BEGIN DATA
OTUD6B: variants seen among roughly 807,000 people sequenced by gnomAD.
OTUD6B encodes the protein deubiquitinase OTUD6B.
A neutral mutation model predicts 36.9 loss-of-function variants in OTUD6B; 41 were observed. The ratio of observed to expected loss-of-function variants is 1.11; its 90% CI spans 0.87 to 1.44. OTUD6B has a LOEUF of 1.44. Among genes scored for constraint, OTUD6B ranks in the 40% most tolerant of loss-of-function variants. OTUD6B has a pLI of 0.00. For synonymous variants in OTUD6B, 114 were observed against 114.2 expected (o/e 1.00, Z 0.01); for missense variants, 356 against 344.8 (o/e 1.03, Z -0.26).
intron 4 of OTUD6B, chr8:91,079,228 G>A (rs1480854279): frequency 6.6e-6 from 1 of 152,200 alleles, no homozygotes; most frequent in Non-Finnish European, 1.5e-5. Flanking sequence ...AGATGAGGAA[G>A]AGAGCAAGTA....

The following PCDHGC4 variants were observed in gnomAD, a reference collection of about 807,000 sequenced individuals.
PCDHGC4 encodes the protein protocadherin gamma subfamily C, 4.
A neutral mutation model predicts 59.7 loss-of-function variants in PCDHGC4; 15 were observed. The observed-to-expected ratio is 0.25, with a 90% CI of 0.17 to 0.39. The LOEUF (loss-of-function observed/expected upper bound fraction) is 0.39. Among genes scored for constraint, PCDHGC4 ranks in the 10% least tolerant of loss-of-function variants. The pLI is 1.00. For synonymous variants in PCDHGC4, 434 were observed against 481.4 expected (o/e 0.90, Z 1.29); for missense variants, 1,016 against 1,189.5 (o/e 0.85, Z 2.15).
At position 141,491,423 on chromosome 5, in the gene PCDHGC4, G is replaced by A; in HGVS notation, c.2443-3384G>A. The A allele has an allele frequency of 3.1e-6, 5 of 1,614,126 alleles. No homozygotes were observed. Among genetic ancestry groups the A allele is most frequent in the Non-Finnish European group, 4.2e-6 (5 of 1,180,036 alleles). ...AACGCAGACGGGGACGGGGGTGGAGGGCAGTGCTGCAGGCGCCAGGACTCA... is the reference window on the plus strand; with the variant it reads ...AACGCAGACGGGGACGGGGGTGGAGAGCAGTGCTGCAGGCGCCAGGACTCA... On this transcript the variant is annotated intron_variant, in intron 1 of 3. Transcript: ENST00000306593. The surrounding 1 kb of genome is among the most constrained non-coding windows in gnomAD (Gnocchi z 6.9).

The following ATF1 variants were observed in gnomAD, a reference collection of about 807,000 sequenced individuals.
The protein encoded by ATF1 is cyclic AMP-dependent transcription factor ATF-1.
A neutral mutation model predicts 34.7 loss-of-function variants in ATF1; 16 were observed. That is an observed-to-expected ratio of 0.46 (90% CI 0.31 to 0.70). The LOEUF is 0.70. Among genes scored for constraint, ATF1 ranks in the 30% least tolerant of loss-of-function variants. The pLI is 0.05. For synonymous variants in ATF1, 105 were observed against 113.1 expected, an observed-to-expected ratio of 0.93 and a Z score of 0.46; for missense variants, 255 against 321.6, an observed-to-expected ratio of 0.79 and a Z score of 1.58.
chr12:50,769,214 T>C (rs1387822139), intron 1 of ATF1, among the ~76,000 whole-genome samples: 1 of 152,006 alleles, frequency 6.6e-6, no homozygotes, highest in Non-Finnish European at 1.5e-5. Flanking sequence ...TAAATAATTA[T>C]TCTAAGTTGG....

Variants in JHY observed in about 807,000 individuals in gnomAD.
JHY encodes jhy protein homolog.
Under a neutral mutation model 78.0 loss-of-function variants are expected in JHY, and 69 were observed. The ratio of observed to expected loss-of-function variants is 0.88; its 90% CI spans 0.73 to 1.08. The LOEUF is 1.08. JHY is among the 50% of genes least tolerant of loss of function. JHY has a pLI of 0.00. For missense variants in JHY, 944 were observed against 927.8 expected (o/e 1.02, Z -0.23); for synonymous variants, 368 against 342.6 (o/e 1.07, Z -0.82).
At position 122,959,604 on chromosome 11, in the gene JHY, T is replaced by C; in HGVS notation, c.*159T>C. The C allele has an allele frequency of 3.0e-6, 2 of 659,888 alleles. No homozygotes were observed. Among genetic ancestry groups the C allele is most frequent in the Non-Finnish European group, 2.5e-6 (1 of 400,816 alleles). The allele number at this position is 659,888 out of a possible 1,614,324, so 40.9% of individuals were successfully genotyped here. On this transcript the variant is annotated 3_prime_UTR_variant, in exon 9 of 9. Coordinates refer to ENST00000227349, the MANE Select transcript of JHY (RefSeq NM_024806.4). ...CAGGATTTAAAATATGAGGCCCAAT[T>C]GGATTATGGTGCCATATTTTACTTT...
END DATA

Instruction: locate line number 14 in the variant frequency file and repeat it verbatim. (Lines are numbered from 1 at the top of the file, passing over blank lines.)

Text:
JHY encodes jhy protein homolog.